Diamonds wouldn’t do. Neither would platinum, or even gold. For Alexander Johnson, only one precious material could properly commemorate his return to figure skating in 2014.
The Minnetonka native chose titanium for the ring he wears on his right hand, which mirrors both the injury that nearly ended his career and the steely persistence that would not allow it. “It reminds me on a daily basis of everything I’ve been through,’’ he said. “And that I’m a lot stronger than I thought I was.’’
Six months after a breakthrough performance at the 2013 U.S. championships, Johnson had surgery to repair torn ankle ligaments and suffered nerve damage. Doctors were uncertain whether he would be able to walk normally again, let alone skate.
Despite that diagnosis, he realized he was too stubborn — and too much in love with the sport — to give up. Friday, Johnson will perform in the U.S. championships for the 14th time when the men’s competition opens with the short program at Xcel Energy Center. At 25, he is looking to land on the podium for the first time as a senior, adding gold, silver or bronze to his collection of precious metal.
Johnson returned to competition 10 months after his injury. In addition to the titanium screw in his ankle, he had surgery last summer to mend multiple hernias. But two top-six results in international competition last fall, and the chance to skate in his hometown, have pumped up his hopes of improving on his career-high seventh-place finish in 2013.
“Before I got hurt, I felt like I was going in the right direction,’’ said Johnson, who has lived and trained in Colorado Springs since 2010. “And then, boom. There went my hopes and dreams.
“At the time, I thought, ‘My life is over.’ And the recovery process was so draining, there were times when I thought maybe I should give up skating and be done and move on with my life. But I wanted to prove something, to myself and to the people who said I’d never skate again.’’
That didn’t surprise Johnson’s mother, Doris, who still lives in Minnetonka and will be among a legion of family members and friends at Xcel this week.
“He was a child who never took no for an answer, and that never changed,’’ she said. “What he went through was horrible. He knew everything he worked for could be at an end. But he’s very persistent.’’
A longtime student of coach Joan Orvis at Edina’s Braemar-City of Lakes Skating Club, Johnson now represents Colorado’s Broadmoor Skating Club. His current coaches and choreographers include Tom Dickson and Olympic gold medalist Christopher Dean. In Colorado Springs, Johnson trains alongside some of the country’s top skaters and works out with other elite athletes at the Olympic Training Center.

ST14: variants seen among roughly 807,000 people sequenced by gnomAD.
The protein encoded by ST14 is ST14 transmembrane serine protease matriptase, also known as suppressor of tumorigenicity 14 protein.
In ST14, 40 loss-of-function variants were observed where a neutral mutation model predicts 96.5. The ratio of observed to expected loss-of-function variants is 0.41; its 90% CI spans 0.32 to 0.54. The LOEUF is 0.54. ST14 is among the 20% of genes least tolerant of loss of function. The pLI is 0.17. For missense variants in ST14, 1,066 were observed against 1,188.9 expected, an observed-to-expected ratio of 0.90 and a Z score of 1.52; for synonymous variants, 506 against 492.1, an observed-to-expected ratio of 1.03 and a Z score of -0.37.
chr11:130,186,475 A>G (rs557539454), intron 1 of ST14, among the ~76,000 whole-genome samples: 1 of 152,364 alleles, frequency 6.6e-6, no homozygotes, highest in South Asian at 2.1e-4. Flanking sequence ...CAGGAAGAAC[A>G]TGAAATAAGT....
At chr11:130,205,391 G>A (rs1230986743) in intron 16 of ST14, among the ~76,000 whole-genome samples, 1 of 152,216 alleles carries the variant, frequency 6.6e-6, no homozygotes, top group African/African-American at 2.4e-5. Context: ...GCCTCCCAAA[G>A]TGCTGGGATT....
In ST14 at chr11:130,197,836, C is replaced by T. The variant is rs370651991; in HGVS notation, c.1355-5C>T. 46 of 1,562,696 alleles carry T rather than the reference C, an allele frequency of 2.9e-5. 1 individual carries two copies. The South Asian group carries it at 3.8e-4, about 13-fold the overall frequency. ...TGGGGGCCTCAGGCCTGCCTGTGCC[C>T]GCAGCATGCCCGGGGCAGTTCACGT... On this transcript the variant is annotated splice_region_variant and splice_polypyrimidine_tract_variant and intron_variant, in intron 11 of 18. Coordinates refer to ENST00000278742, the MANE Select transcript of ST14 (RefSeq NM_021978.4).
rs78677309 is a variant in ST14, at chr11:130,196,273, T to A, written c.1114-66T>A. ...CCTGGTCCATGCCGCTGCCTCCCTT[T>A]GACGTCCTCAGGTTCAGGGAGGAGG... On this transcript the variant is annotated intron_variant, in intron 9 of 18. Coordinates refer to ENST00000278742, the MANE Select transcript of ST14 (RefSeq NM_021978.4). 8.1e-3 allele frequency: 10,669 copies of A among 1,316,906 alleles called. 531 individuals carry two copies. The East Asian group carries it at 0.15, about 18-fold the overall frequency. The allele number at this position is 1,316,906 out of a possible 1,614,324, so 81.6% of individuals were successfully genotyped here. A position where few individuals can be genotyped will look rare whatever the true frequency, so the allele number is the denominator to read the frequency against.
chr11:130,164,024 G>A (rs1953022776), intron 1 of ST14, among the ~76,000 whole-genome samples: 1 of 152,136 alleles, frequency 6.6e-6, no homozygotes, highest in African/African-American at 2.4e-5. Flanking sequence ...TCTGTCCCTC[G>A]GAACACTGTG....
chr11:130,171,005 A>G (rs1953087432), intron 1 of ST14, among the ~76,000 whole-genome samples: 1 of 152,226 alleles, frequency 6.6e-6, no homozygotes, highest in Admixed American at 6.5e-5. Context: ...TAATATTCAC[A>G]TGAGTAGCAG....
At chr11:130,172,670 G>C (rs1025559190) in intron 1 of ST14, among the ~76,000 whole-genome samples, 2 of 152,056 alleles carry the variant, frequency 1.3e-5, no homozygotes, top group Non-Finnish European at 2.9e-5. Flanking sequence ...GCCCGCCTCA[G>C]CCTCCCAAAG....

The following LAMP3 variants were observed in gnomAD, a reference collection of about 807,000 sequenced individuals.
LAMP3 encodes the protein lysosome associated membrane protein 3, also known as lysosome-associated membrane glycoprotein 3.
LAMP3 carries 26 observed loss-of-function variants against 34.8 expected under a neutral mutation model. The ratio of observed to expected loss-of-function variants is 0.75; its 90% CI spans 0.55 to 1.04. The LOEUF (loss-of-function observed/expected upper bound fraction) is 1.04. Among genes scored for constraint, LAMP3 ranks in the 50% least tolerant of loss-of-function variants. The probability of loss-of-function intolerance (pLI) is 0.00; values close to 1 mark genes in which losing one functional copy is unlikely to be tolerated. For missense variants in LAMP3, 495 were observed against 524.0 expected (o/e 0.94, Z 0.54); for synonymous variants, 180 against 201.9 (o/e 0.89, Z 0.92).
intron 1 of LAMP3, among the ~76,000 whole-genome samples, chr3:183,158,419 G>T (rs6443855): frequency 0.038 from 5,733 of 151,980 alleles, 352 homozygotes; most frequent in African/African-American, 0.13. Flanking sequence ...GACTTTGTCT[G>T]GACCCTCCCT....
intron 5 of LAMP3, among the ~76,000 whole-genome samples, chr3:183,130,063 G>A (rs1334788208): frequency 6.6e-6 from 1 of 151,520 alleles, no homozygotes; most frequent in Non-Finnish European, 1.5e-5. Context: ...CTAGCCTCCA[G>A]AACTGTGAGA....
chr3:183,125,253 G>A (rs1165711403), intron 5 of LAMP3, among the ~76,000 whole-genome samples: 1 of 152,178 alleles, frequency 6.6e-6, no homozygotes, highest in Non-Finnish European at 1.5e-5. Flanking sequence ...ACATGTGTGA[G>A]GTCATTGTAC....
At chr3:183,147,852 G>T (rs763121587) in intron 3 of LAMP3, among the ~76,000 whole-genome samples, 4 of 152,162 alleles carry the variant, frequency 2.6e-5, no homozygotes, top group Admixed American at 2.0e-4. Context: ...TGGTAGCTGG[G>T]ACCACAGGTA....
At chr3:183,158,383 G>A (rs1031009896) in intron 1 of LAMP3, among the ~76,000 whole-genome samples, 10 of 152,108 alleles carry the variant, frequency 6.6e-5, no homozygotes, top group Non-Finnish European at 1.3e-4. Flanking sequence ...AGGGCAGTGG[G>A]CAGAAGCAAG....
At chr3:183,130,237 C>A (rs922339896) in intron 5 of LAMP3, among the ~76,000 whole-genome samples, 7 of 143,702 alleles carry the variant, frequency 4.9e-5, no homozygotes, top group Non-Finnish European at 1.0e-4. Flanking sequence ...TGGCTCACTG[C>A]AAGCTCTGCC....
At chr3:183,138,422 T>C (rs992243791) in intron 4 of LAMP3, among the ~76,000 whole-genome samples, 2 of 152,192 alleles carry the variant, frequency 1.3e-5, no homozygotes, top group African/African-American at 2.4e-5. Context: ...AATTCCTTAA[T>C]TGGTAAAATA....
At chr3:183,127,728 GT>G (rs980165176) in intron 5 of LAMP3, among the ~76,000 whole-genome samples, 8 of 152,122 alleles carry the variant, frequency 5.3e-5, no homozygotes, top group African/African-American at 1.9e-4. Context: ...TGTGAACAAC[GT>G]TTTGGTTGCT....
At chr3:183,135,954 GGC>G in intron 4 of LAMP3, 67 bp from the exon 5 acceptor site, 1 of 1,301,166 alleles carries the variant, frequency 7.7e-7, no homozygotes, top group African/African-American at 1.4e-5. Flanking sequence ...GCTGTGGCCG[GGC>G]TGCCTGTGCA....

The first time he qualified for the U.S. championships, Johnson was an 11-year-old in the juvenile division who had to have the event explained to him. Within five years, he was representing the U.S. in international competitions. Johnson excelled at the junior level, earning gold and bronze medals at junior Grand Prix events in 2008, and was the junior bronze medalist at the 2009 U.S. championships.
His free skate to the Beatles’ “Eleanor Rigby’’ at the 2013 nationals raised his profile. After seventh-place finish, Johnson filled out the paperwork required of skaters in contention for berths at the 2014 Sochi Olympics. His upward trajectory stopped suddenly when he wrenched his ankle while practicing a triple axel, injuring a joint that was already weakened.
Following surgery to fix three torn ligaments, Johnson could not wiggle his toes, and his leg burned. Doctors determined that a nerve block administered during the operation had caused damage from the knee down. For a time, Johnson could not flex his foot; while he slowly regained motion and sensation, he wrestled with fear and frustration during 10 weeks off the ice.
“There were times when I wanted to quit,’’ said Johnson, who still has numbness in his foot and has not recovered his prior range of motion. “But I love to skate. There is so much satisfaction in working so hard and feeling like you’ve given your all. I wasn’t ready to let that go.’’
Dickson saw something else at work, too. “When he was told he probably wouldn’t skate again, that probably gave him more resolve,’’ the coach said. “It was frustrating, and it took a long time. But he realized, maybe he could beat the odds. And he stuck with it.’’
Before his second international competition last fall, Johnson decided to return to his “Eleanor Rigby’’ program. He will perform an updated version at the U.S. championships, and Dickson said he is capable of finishing in the top five.
The last time Johnson skated to “Eleanor Rigby’’ at nationals, he left the ice in tears, overcome by a performance he called “a defining moment’’ in his career. His aim this week is to rediscover that magic, which feels within the reach of a guy who’s already done the unexpected.
“This is always a special event, because it’s the culmination of a season’s work,’’ he said. “Being able to show that to all my friends and family, to show them how much I love skating, is going to be so rewarding. I can’t wait."